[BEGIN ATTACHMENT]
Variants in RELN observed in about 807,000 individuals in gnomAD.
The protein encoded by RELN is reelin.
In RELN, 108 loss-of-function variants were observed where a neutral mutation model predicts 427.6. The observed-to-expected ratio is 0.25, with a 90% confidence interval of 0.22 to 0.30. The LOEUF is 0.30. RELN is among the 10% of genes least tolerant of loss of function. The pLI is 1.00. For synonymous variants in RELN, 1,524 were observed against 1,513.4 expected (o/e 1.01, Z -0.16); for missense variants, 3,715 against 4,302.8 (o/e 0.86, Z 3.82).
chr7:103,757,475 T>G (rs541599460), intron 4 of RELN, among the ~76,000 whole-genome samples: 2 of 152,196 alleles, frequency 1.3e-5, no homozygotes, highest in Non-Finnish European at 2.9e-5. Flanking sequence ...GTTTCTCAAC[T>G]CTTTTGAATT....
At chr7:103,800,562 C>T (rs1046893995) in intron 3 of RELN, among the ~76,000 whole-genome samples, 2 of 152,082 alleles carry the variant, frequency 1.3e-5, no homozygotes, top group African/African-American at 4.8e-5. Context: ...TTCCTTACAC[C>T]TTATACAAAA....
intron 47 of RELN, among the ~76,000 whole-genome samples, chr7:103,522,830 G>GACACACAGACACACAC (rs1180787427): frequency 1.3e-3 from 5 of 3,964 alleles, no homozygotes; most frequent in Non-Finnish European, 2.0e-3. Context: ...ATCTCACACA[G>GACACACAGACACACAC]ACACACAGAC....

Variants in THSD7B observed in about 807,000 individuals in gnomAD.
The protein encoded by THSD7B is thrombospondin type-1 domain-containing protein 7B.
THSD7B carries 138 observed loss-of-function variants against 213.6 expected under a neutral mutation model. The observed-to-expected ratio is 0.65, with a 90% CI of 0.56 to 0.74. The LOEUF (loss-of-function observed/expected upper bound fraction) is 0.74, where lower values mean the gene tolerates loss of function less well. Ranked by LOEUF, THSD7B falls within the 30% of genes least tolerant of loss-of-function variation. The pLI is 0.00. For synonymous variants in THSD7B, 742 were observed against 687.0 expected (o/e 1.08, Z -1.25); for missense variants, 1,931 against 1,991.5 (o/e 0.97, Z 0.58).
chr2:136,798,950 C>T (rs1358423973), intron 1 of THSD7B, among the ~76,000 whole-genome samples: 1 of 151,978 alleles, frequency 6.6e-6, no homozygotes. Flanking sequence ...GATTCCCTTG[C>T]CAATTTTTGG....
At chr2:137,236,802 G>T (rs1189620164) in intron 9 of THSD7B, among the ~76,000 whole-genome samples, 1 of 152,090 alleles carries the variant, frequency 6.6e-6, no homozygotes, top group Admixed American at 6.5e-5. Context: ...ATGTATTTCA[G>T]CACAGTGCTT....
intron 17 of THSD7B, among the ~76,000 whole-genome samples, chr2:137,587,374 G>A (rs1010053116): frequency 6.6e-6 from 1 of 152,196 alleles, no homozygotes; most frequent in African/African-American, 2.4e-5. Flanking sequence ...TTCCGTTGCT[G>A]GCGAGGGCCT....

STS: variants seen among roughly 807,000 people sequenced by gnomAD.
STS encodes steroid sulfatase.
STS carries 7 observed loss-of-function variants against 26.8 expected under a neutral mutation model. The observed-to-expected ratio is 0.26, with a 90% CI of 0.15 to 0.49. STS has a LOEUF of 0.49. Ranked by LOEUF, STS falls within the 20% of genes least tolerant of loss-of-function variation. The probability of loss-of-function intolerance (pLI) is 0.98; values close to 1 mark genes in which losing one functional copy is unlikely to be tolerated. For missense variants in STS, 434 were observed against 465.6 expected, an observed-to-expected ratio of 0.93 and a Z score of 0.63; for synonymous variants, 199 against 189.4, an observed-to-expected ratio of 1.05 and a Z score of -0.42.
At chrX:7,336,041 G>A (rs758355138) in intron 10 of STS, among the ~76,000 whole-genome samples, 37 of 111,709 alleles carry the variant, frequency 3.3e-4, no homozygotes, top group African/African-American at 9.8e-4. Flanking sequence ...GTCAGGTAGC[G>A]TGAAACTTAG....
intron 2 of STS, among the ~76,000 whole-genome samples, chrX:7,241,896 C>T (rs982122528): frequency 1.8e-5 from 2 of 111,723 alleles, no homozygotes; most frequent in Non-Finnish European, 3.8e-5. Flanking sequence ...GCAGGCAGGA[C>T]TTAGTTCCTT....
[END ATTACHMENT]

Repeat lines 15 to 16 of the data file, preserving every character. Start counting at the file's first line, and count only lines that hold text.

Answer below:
STS carries 7 observed loss-of-function variants against 26.8 expected under a neutral mutation model. The observed-to-expected ratio is 0.26, with a 90% CI of 0.15 to 0.49. STS has a LOEUF of 0.49. Ranked by LOEUF, STS falls within the 20% of genes least tolerant of loss-of-function variation. The probability of loss-of-function intolerance (pLI) is 0.98; values close to 1 mark genes in which losing one functional copy is unlikely to be tolerated. For missense variants in STS, 434 were observed against 465.6 expected, an observed-to-expected ratio of 0.93 and a Z score of 0.63; for synonymous variants, 199 against 189.4, an observed-to-expected ratio of 1.05 and a Z score of -0.42.
At chrX:7,336,041 G>A (rs758355138) in intron 10 of STS, among the ~76,000 whole-genome samples, 37 of 111,709 alleles carry the variant, frequency 3.3e-4, no homozygotes, top group African/African-American at 9.8e-4. Flanking sequence ...GTCAGGTAGC[G>A]TGAAACTTAG....